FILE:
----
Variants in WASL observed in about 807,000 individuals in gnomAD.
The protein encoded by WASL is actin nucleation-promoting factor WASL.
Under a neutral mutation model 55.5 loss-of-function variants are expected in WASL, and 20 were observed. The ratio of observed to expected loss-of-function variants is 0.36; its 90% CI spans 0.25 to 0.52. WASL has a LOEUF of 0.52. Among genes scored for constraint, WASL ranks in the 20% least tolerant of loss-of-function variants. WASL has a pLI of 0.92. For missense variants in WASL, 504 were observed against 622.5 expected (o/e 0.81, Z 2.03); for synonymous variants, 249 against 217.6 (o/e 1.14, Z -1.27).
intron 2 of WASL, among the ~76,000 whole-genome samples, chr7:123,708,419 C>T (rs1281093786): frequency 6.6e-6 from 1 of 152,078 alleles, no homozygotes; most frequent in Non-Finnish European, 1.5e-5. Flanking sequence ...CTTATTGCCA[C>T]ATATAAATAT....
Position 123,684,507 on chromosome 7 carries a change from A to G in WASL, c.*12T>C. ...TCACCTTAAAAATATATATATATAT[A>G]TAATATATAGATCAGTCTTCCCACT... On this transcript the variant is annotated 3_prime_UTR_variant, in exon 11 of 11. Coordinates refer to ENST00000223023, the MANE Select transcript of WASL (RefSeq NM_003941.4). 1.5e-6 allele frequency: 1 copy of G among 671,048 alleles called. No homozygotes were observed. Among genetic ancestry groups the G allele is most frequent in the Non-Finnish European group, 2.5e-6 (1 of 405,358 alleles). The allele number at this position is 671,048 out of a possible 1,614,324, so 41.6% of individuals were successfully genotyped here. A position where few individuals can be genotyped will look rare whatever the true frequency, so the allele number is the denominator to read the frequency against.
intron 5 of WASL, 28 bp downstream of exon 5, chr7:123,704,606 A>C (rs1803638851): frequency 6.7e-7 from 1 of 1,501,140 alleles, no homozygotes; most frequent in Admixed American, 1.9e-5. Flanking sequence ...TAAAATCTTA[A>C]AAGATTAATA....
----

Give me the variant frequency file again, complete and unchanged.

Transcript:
Variants in WASL observed in about 807,000 individuals in gnomAD.
The protein encoded by WASL is actin nucleation-promoting factor WASL.
Under a neutral mutation model 55.5 loss-of-function variants are expected in WASL, and 20 were observed. The ratio of observed to expected loss-of-function variants is 0.36; its 90% CI spans 0.25 to 0.52. WASL has a LOEUF of 0.52. Among genes scored for constraint, WASL ranks in the 20% least tolerant of loss-of-function variants. WASL has a pLI of 0.92. For missense variants in WASL, 504 were observed against 622.5 expected (o/e 0.81, Z 2.03); for synonymous variants, 249 against 217.6 (o/e 1.14, Z -1.27).
intron 2 of WASL, among the ~76,000 whole-genome samples, chr7:123,708,419 C>T (rs1281093786): frequency 6.6e-6 from 1 of 152,078 alleles, no homozygotes; most frequent in Non-Finnish European, 1.5e-5. Flanking sequence ...CTTATTGCCA[C>T]ATATAAATAT....
Position 123,684,507 on chromosome 7 carries a change from A to G in WASL, c.*12T>C. ...TCACCTTAAAAATATATATATATAT[A>G]TAATATATAGATCAGTCTTCCCACT... On this transcript the variant is annotated 3_prime_UTR_variant, in exon 11 of 11. Coordinates refer to ENST00000223023, the MANE Select transcript of WASL (RefSeq NM_003941.4). 1.5e-6 allele frequency: 1 copy of G among 671,048 alleles called. No homozygotes were observed. Among genetic ancestry groups the G allele is most frequent in the Non-Finnish European group, 2.5e-6 (1 of 405,358 alleles). The allele number at this position is 671,048 out of a possible 1,614,324, so 41.6% of individuals were successfully genotyped here. A position where few individuals can be genotyped will look rare whatever the true frequency, so the allele number is the denominator to read the frequency against.
intron 5 of WASL, 28 bp downstream of exon 5, chr7:123,704,606 A>C (rs1803638851): frequency 6.7e-7 from 1 of 1,501,140 alleles, no homozygotes; most frequent in Admixed American, 1.9e-5. Flanking sequence ...TAAAATCTTA[A>C]AAGATTAATA....